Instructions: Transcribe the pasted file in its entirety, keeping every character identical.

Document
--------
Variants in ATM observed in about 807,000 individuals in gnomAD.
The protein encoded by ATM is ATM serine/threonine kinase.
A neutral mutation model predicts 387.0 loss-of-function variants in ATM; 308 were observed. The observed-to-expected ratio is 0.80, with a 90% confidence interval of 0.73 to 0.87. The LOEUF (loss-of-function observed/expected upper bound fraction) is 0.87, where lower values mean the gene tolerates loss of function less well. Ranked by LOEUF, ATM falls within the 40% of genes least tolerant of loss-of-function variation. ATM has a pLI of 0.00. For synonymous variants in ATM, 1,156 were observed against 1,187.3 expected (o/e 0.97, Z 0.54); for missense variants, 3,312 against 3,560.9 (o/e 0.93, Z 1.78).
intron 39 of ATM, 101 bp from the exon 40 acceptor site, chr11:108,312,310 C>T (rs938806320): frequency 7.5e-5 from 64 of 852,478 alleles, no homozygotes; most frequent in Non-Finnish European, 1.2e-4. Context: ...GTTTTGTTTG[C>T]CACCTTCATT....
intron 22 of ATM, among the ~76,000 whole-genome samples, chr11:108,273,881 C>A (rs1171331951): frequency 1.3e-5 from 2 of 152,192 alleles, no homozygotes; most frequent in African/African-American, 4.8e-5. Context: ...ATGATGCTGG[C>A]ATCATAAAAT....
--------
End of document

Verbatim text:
Variants in ATM observed in about 807,000 individuals in gnomAD.
The protein encoded by ATM is ATM serine/threonine kinase.
A neutral mutation model predicts 387.0 loss-of-function variants in ATM; 308 were observed. The observed-to-expected ratio is 0.80, with a 90% confidence interval of 0.73 to 0.87. The LOEUF (loss-of-function observed/expected upper bound fraction) is 0.87, where lower values mean the gene tolerates loss of function less well. Ranked by LOEUF, ATM falls within the 40% of genes least tolerant of loss-of-function variation. ATM has a pLI of 0.00. For synonymous variants in ATM, 1,156 were observed against 1,187.3 expected (o/e 0.97, Z 0.54); for missense variants, 3,312 against 3,560.9 (o/e 0.93, Z 1.78).
intron 39 of ATM, 101 bp from the exon 40 acceptor site, chr11:108,312,310 C>T (rs938806320): frequency 7.5e-5 from 64 of 852,478 alleles, no homozygotes; most frequent in Non-Finnish European, 1.2e-4. Context: ...GTTTTGTTTG[C>T]CACCTTCATT....
intron 22 of ATM, among the ~76,000 whole-genome samples, chr11:108,273,881 C>A (rs1171331951): frequency 1.3e-5 from 2 of 152,192 alleles, no homozygotes; most frequent in African/African-American, 4.8e-5. Context: ...ATGATGCTGG[C>A]ATCATAAAAT....